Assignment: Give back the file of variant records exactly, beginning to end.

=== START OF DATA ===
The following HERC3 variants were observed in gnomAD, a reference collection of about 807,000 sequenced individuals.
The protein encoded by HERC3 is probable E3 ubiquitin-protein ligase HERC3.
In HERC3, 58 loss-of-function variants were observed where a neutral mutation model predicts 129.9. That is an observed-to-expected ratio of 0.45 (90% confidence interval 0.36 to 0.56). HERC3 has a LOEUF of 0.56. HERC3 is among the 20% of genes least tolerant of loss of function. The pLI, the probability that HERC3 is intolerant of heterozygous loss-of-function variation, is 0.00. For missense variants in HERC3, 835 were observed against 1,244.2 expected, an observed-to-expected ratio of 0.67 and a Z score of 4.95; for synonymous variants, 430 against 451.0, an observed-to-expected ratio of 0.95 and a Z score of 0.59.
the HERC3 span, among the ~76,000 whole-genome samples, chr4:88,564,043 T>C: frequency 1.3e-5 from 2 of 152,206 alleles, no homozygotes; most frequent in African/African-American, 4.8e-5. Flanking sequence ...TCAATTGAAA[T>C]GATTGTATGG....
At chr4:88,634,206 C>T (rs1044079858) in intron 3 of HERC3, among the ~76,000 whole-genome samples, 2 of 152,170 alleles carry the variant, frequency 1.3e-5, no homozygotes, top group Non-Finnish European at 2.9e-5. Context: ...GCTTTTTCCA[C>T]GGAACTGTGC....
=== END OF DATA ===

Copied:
The following HERC3 variants were observed in gnomAD, a reference collection of about 807,000 sequenced individuals.
The protein encoded by HERC3 is probable E3 ubiquitin-protein ligase HERC3.
In HERC3, 58 loss-of-function variants were observed where a neutral mutation model predicts 129.9. That is an observed-to-expected ratio of 0.45 (90% confidence interval 0.36 to 0.56). HERC3 has a LOEUF of 0.56. HERC3 is among the 20% of genes least tolerant of loss of function. The pLI, the probability that HERC3 is intolerant of heterozygous loss-of-function variation, is 0.00. For missense variants in HERC3, 835 were observed against 1,244.2 expected, an observed-to-expected ratio of 0.67 and a Z score of 4.95; for synonymous variants, 430 against 451.0, an observed-to-expected ratio of 0.95 and a Z score of 0.59.
the HERC3 span, among the ~76,000 whole-genome samples, chr4:88,564,043 T>C: frequency 1.3e-5 from 2 of 152,206 alleles, no homozygotes; most frequent in African/African-American, 4.8e-5. Flanking sequence ...TCAATTGAAA[T>C]GATTGTATGG....
At chr4:88,634,206 C>T (rs1044079858) in intron 3 of HERC3, among the ~76,000 whole-genome samples, 2 of 152,170 alleles carry the variant, frequency 1.3e-5, no homozygotes, top group Non-Finnish European at 2.9e-5. Context: ...GCTTTTTCCA[C>T]GGAACTGTGC....